Exercise guidelines for health-oriented recreational sports

Faude, Oliver and Zahner, Lukas and Donath, Lars. (2015) Exercise guidelines for health-oriented recreational sports. Therapeutische Umschau, 72 (5). pp. 327-334.

Full text not available from this repository.

Official URL: http://edoc.unibas.ch/54175/

Downloads: Statistics Overview


Physical inactivity is one the biggest Public Health problems of the 21th century. Regular physical activity and sports can contribute to a reduction of overall mortality and morbidity and, thus, can have a considerable health impact for individuals as well as for the society as a whole. The beneficial health effects of exercise are convincingly evaluated yet and there is further evidence that physical activity can result in improvements in specific cardiorespiratory and metabolic diseases similar to pharmacological treatments. It is the aim of this review article to outline evidence-based guidelines for exercise to improve physical fitness and health in primary prevention in healthy adults. Based on the current scientific evidence a dose-response-relationship between physical activity and health markers as well as physical fitness is likely. Health-oriented exercise training should allow for an exercise-induced energy expenditure of at least 1000 kcal per week. This should be approached by an appropriate combination of exercises targeting on an improvement in cardiorespiratory and metabolic functioning as well as muscular fitness. It is recommended to supplement such a training regimen by appropriate amounts of functional and flexibility exercises. Usually, sports targeting on these particular fitness areas are recommended, for instance, typical endurance sports like cycling, jogging, (Nordic) walking or swimming for the cardiorespiratory and metabolic domains and strength training for muscular fitness. In recent years, scientific studies have evaluated potentially more attractive sports like football, dancing and Tai Chi and reported promising results. Such sports may contribute to an increased long-term compliance to health-oriented exercise programmes. Although regular physical activity is associated with considerable health benefits, risks and side effects should be taken into account. The most frequent side effects are injuries, and the most severe are fatal cardiac events. Preventive measures should be applied to reduce the risk of these side effects. Health-oriented exercise guidelines should incorporate individual preferences and training responses to support a permanent adaptation towards a sportive life style.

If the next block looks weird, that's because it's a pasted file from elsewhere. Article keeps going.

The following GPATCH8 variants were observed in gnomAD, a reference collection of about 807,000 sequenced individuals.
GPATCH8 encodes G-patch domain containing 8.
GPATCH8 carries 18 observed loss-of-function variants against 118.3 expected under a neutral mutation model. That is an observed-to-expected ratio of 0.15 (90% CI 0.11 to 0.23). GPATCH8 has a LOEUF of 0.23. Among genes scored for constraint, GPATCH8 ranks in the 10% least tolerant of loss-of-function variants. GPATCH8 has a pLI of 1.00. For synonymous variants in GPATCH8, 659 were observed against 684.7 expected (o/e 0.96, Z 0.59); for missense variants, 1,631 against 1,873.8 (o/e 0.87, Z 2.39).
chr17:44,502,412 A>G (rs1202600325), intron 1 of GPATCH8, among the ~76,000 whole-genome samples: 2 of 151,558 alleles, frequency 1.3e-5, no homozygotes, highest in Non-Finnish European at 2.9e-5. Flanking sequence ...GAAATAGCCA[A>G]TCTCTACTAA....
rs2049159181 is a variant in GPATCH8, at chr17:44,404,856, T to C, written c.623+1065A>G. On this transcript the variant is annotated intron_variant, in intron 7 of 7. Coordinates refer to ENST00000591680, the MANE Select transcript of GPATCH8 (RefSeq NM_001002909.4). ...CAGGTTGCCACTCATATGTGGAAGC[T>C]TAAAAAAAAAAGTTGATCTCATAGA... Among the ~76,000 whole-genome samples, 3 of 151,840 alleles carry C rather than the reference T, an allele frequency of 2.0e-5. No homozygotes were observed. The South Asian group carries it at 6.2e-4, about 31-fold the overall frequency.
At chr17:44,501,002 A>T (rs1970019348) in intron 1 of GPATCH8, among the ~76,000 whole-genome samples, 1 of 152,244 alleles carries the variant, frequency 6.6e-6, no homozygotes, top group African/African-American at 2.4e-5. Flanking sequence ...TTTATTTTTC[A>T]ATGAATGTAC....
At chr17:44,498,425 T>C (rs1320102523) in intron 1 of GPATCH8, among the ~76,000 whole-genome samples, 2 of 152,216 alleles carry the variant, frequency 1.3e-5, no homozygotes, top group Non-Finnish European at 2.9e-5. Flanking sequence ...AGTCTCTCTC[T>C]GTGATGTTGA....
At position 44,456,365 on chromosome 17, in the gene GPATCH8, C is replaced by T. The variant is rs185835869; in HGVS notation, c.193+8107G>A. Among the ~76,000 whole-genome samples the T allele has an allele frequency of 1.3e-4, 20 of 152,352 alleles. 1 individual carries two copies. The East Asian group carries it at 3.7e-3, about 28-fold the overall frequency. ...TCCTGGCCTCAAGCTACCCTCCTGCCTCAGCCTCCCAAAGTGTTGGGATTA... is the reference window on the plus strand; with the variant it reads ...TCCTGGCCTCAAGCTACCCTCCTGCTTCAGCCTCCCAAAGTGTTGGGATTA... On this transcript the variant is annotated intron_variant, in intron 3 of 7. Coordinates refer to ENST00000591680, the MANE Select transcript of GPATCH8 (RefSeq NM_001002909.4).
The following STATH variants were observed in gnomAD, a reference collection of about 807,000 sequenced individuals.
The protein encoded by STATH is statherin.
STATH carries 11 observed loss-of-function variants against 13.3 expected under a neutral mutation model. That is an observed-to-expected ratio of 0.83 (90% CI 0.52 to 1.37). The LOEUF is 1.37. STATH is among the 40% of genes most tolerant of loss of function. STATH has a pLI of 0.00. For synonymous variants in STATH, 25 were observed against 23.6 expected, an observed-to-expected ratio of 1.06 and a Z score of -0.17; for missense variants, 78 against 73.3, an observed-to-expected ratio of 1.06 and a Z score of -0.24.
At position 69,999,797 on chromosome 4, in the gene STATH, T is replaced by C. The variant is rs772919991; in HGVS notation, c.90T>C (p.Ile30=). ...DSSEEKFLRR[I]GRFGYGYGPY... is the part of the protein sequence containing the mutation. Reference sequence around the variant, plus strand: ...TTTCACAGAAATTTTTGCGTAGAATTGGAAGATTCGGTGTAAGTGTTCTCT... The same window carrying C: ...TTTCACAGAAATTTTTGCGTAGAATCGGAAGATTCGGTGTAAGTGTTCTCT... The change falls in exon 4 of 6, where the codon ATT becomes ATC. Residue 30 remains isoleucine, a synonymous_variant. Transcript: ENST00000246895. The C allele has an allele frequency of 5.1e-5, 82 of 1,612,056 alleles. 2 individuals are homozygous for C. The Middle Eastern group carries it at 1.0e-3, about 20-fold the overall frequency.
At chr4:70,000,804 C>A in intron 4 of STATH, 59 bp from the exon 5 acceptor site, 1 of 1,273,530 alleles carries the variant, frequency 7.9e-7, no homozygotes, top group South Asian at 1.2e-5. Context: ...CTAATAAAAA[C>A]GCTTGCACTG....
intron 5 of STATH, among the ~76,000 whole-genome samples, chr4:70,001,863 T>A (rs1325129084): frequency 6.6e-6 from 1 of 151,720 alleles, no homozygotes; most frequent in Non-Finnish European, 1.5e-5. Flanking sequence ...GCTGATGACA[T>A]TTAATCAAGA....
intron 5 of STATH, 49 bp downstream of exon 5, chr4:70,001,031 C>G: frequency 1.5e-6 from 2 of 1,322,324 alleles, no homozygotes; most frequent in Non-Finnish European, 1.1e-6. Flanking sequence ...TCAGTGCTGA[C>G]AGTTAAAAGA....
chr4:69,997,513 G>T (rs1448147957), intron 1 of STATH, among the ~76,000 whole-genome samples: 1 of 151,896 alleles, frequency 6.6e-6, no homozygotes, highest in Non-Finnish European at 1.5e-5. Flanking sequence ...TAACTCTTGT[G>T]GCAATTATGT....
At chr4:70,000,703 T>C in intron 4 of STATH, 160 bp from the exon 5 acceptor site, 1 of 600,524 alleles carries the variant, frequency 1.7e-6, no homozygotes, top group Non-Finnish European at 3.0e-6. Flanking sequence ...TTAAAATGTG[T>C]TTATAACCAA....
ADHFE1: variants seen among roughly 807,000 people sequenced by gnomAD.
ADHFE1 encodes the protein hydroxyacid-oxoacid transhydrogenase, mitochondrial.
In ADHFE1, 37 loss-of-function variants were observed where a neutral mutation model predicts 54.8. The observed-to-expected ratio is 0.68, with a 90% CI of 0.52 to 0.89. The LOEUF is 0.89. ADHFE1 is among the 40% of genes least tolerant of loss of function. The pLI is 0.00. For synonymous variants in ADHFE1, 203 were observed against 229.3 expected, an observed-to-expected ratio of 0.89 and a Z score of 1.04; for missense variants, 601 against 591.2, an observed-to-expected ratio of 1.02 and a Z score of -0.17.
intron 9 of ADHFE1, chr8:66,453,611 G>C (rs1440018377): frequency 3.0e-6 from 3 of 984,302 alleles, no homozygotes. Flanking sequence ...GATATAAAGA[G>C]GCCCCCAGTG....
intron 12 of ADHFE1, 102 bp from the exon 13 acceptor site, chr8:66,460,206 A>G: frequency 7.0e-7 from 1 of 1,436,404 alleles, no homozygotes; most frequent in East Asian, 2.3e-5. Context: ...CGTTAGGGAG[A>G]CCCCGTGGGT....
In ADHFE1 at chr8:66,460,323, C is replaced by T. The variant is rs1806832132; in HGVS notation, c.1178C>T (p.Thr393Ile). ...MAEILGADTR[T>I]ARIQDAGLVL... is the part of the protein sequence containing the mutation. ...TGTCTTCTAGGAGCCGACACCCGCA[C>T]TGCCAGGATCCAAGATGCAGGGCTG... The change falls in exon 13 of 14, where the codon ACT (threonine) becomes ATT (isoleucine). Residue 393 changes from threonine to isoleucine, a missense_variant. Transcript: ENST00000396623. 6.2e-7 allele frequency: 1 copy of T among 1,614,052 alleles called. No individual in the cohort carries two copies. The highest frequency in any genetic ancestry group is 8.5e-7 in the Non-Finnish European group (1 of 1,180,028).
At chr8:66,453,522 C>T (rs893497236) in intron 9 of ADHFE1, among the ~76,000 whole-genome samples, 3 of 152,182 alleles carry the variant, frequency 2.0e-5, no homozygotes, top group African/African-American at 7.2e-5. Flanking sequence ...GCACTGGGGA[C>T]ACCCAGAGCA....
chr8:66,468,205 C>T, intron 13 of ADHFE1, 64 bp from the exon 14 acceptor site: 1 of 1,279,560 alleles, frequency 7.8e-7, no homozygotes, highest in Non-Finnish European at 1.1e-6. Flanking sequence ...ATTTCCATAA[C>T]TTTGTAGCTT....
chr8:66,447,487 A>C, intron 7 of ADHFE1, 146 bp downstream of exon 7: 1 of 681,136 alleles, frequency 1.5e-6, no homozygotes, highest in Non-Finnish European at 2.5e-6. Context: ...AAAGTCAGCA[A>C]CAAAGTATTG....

Faculties and Departments:03 Faculty of Medicine > Departement Sport, Bewegung und Gesundheit > Bereich Bewegungs- und Trainingswissenschaft > Trainingswissenschaften (Zahner)
UniBasel Contributors:Zahner, Lukas
Item Type:Article, refereed
Article Subtype:Research Article
Note:Publication type according to Uni Basel Research Database: Journal article
Identification Number:
Last Modified:09 Oct 2017 07:28
Deposited On:09 Oct 2017 07:28

Repository Staff Only: item control page